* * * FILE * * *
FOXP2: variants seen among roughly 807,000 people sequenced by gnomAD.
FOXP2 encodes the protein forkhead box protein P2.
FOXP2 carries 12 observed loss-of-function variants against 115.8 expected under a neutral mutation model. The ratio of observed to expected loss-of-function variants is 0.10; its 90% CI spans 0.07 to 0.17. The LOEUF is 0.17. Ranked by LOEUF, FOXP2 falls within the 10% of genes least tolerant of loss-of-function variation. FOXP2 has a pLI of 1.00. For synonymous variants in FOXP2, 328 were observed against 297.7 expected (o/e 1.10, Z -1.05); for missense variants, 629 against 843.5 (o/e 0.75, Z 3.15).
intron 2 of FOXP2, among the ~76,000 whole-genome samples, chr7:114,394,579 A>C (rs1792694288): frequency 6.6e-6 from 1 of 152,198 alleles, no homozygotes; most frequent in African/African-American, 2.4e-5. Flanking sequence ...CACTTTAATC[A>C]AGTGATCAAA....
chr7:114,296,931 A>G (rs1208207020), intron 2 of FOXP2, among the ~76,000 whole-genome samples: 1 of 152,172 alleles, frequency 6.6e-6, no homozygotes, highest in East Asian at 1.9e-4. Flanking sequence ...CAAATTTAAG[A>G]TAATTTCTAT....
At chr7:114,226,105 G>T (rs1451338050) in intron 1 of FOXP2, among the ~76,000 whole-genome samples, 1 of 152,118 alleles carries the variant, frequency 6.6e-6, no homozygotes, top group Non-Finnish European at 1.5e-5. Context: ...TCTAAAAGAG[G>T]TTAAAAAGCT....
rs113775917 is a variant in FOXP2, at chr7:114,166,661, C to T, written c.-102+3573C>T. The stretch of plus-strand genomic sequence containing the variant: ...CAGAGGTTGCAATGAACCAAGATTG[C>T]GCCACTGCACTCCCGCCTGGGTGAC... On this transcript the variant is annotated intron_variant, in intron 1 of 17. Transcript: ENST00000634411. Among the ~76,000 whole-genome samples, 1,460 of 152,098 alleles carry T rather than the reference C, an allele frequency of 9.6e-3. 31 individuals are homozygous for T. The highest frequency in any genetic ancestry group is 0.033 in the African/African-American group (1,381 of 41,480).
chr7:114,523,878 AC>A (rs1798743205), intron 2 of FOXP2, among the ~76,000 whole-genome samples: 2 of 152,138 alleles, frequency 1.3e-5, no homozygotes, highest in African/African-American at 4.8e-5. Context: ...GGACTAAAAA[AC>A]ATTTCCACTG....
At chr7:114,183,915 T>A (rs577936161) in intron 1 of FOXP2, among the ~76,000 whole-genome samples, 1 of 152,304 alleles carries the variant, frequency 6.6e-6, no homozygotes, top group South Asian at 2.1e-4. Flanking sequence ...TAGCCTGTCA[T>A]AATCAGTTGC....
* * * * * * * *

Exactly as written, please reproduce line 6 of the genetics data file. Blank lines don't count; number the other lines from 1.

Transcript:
At chr7:114,226,105 G>T (rs1451338050) in intron 1 of FOXP2, among the ~76,000 whole-genome samples, 1 of 152,118 alleles carries the variant, frequency 6.6e-6, no homozygotes, top group Non-Finnish European at 1.5e-5. Context: ...TCTAAAAGAG[G>T]TTAAAAAGCT....